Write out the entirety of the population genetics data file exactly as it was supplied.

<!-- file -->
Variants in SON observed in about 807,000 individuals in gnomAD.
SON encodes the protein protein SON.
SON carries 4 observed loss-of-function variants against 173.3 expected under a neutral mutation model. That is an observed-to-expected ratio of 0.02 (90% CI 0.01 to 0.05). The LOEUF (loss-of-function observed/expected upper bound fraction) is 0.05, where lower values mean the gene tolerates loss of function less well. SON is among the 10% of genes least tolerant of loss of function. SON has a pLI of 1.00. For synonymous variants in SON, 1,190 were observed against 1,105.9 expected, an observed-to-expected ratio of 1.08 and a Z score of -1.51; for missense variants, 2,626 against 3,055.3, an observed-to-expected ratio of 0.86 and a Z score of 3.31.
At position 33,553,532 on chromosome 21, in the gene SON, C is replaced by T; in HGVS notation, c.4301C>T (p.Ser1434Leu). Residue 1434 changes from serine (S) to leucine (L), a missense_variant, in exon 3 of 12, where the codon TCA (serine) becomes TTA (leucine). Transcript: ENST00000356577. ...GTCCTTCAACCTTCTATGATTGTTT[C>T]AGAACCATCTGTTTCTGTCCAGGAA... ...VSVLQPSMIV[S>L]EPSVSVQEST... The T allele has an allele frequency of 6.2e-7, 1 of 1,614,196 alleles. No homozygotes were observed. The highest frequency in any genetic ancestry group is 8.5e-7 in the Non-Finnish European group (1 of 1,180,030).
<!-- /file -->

Variants in SON observed in about 807,000 individuals in gnomAD.
SON encodes the protein protein SON.
SON carries 4 observed loss-of-function variants against 173.3 expected under a neutral mutation model. That is an observed-to-expected ratio of 0.02 (90% CI 0.01 to 0.05). The LOEUF (loss-of-function observed/expected upper bound fraction) is 0.05, where lower values mean the gene tolerates loss of function less well. SON is among the 10% of genes least tolerant of loss of function. SON has a pLI of 1.00. For synonymous variants in SON, 1,190 were observed against 1,105.9 expected, an observed-to-expected ratio of 1.08 and a Z score of -1.51; for missense variants, 2,626 against 3,055.3, an observed-to-expected ratio of 0.86 and a Z score of 3.31.
At position 33,553,532 on chromosome 21, in the gene SON, C is replaced by T; in HGVS notation, c.4301C>T (p.Ser1434Leu). Residue 1434 changes from serine (S) to leucine (L), a missense_variant, in exon 3 of 12, where the codon TCA (serine) becomes TTA (leucine). Transcript: ENST00000356577. ...GTCCTTCAACCTTCTATGATTGTTT[C>T]AGAACCATCTGTTTCTGTCCAGGAA... ...VSVLQPSMIV[S>L]EPSVSVQEST... The T allele has an allele frequency of 6.2e-7, 1 of 1,614,196 alleles. No homozygotes were observed. The highest frequency in any genetic ancestry group is 8.5e-7 in the Non-Finnish European group (1 of 1,180,030).